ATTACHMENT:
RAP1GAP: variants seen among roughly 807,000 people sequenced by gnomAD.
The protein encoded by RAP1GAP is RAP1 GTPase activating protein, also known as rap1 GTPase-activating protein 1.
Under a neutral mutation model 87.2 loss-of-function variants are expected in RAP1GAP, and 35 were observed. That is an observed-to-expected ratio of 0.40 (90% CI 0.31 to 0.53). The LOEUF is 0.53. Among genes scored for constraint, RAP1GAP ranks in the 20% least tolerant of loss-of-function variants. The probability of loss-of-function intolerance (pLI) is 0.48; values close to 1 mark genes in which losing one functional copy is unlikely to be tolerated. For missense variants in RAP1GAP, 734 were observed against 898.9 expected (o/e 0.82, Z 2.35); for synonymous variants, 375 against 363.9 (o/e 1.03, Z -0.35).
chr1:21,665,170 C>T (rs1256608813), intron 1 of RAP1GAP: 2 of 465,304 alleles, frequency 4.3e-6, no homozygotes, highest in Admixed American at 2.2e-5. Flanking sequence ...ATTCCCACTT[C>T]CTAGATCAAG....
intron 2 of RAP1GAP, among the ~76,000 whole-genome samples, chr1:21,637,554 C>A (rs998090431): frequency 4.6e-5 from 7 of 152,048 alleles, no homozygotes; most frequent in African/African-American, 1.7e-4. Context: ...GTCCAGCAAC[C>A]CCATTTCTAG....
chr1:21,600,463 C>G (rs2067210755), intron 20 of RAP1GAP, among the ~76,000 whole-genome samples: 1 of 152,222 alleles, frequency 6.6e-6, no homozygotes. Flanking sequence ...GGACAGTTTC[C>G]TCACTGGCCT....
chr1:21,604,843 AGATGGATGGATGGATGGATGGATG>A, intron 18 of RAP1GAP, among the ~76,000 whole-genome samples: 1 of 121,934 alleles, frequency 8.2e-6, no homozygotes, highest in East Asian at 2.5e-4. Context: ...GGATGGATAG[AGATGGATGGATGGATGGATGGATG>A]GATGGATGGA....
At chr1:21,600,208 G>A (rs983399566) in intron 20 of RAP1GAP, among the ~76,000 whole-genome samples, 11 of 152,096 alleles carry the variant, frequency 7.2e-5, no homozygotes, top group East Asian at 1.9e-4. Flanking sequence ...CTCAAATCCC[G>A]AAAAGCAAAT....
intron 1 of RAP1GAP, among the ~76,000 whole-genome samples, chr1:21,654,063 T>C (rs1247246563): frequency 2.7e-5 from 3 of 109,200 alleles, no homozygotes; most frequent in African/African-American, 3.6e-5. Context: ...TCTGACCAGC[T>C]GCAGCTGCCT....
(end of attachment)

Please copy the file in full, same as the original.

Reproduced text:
RAP1GAP: variants seen among roughly 807,000 people sequenced by gnomAD.
The protein encoded by RAP1GAP is RAP1 GTPase activating protein, also known as rap1 GTPase-activating protein 1.
Under a neutral mutation model 87.2 loss-of-function variants are expected in RAP1GAP, and 35 were observed. That is an observed-to-expected ratio of 0.40 (90% CI 0.31 to 0.53). The LOEUF is 0.53. Among genes scored for constraint, RAP1GAP ranks in the 20% least tolerant of loss-of-function variants. The probability of loss-of-function intolerance (pLI) is 0.48; values close to 1 mark genes in which losing one functional copy is unlikely to be tolerated. For missense variants in RAP1GAP, 734 were observed against 898.9 expected (o/e 0.82, Z 2.35); for synonymous variants, 375 against 363.9 (o/e 1.03, Z -0.35).
chr1:21,665,170 C>T (rs1256608813), intron 1 of RAP1GAP: 2 of 465,304 alleles, frequency 4.3e-6, no homozygotes, highest in Admixed American at 2.2e-5. Flanking sequence ...ATTCCCACTT[C>T]CTAGATCAAG....
intron 2 of RAP1GAP, among the ~76,000 whole-genome samples, chr1:21,637,554 C>A (rs998090431): frequency 4.6e-5 from 7 of 152,048 alleles, no homozygotes; most frequent in African/African-American, 1.7e-4. Context: ...GTCCAGCAAC[C>A]CCATTTCTAG....
chr1:21,600,463 C>G (rs2067210755), intron 20 of RAP1GAP, among the ~76,000 whole-genome samples: 1 of 152,222 alleles, frequency 6.6e-6, no homozygotes. Flanking sequence ...GGACAGTTTC[C>G]TCACTGGCCT....
chr1:21,604,843 AGATGGATGGATGGATGGATGGATG>A, intron 18 of RAP1GAP, among the ~76,000 whole-genome samples: 1 of 121,934 alleles, frequency 8.2e-6, no homozygotes, highest in East Asian at 2.5e-4. Context: ...GGATGGATAG[AGATGGATGGATGGATGGATGGATG>A]GATGGATGGA....
At chr1:21,600,208 G>A (rs983399566) in intron 20 of RAP1GAP, among the ~76,000 whole-genome samples, 11 of 152,096 alleles carry the variant, frequency 7.2e-5, no homozygotes, top group East Asian at 1.9e-4. Flanking sequence ...CTCAAATCCC[G>A]AAAAGCAAAT....
intron 1 of RAP1GAP, among the ~76,000 whole-genome samples, chr1:21,654,063 T>C (rs1247246563): frequency 2.7e-5 from 3 of 109,200 alleles, no homozygotes; most frequent in African/African-American, 3.6e-5. Context: ...TCTGACCAGC[T>C]GCAGCTGCCT....